28 Feb 2018

Home buyers warned as mortgage rates continue to rise

Home buyers warned as mortgage rates continue to rise

Home buyers looking for a long-term fixed mortgage should be aware that rates are on the rise.

The average 10-year fixed mortgage rate stood at a record low of 2.96% at the start of February.

But financial services company Moneyfacts reports that the typical rate is now 3.05% - up 0.09%.

While it's still lower than the average of 3.2% seen last February, it's starting to head in that direction, warns Moneyfacts finance expert Rachel Springall.

"Lenders appear to be remaining competitive to catch the eyes of consumers looking to remortgage or buy a home.

"However, it's unavoidable that lenders will have to start pricing in fluctuations in long-term swap rates and adjust their range to cope with the changing economy."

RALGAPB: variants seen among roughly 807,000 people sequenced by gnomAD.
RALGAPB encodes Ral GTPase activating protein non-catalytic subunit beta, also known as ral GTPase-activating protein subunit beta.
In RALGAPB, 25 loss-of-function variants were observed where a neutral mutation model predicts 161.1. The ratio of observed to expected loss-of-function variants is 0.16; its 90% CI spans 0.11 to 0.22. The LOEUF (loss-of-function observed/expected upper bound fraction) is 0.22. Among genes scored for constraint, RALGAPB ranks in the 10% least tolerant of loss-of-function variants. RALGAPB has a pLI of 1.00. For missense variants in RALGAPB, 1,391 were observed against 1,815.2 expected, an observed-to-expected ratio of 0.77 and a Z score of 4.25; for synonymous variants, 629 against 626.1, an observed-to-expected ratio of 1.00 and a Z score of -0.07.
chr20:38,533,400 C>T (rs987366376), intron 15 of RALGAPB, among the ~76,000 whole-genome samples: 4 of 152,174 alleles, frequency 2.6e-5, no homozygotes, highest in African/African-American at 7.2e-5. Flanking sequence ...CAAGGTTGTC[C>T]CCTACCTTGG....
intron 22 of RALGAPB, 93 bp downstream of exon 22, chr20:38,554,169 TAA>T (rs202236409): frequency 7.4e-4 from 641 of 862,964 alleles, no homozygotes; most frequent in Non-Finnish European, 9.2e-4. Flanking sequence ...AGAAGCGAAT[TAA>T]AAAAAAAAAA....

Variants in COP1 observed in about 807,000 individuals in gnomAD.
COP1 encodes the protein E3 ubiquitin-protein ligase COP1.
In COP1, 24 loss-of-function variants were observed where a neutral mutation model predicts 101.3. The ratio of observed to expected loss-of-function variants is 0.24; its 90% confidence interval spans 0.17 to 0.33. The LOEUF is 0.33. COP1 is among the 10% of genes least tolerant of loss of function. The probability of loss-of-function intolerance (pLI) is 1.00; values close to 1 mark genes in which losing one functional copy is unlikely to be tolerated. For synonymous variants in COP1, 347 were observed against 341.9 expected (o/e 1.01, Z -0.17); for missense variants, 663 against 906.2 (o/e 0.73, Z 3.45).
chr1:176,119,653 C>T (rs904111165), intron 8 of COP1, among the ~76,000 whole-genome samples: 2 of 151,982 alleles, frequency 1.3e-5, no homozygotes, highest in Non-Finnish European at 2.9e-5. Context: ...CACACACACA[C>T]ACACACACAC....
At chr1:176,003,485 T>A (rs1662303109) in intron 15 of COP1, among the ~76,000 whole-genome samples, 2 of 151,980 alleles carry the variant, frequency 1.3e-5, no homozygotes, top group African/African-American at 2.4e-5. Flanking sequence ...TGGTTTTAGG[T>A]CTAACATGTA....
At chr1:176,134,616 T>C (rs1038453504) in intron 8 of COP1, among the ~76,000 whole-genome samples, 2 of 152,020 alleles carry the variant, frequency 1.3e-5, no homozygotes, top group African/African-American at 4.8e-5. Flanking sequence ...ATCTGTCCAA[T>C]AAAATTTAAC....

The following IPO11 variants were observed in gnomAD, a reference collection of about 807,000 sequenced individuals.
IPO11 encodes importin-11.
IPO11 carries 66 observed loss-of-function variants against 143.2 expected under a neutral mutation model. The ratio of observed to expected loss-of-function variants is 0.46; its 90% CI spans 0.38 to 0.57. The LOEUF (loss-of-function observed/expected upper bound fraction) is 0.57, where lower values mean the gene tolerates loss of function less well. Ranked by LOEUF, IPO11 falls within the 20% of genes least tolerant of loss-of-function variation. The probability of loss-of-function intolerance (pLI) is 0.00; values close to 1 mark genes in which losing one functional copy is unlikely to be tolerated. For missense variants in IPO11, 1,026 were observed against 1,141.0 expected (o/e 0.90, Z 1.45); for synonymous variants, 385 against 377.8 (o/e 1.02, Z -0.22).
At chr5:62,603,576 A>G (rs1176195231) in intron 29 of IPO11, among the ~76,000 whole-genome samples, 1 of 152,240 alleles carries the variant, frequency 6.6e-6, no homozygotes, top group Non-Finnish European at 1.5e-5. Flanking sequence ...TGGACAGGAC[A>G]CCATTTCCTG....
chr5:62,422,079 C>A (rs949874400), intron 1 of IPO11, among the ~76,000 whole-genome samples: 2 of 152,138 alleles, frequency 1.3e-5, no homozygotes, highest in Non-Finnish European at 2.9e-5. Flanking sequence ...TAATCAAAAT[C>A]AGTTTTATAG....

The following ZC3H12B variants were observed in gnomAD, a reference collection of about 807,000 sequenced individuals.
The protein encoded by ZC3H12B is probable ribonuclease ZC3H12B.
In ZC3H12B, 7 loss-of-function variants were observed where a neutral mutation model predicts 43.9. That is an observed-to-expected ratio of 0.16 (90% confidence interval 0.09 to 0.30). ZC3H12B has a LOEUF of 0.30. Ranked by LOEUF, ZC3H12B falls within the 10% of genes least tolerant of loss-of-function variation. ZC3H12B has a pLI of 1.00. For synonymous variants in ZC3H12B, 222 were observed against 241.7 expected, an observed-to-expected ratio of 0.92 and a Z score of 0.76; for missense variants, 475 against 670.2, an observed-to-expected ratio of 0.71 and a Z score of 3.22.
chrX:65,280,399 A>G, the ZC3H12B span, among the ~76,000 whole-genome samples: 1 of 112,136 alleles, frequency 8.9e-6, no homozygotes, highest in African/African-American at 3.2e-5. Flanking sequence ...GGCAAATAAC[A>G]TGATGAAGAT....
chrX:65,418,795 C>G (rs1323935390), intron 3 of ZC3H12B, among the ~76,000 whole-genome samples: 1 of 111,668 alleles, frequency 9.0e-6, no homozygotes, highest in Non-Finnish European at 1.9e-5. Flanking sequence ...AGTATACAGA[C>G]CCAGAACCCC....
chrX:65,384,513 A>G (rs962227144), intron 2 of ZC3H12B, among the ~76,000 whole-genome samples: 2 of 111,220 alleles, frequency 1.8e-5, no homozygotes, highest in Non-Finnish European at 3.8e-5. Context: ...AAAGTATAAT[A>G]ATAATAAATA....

Act sooner rather than later

Moneyfacts says that's why anyone looking to remortgage to any kind of lower mortgage rate should act sooner rather than later, with the next base rate rise predicted as early as May. 

But it warns that a 10-year fixed mortgage isn't without its dangers.

Rachel explains that anyone who's interested in a long-term agreement would "need to feel pretty certain that their circumstances won't change and that they will not need to amend their deal, as the redemption charges that apply to most 10-year fixed mortgages can be quite hefty".

If you're not sure how your next 10 years are going to look, Moneyfacts says you could look for a top five-year fixed mortgage instead, as these tend to offer cheaper rates for half a decade of repayment security.

Rachel adds: "Whatever borrowers decide to do, they could benefit from working out the true cost of any deal.

"If possible, they could take the low interest-rate environment as an opportunity to overpay on their mortgage to raise the equity in their home and reduce the term of the loan."

Mortgage experts

At Aberdein Considine we can help you, whether you are buying your first home or looking to remortgage.

To find out how we can assist you contact us today on 0333 00 44 333 or click here.

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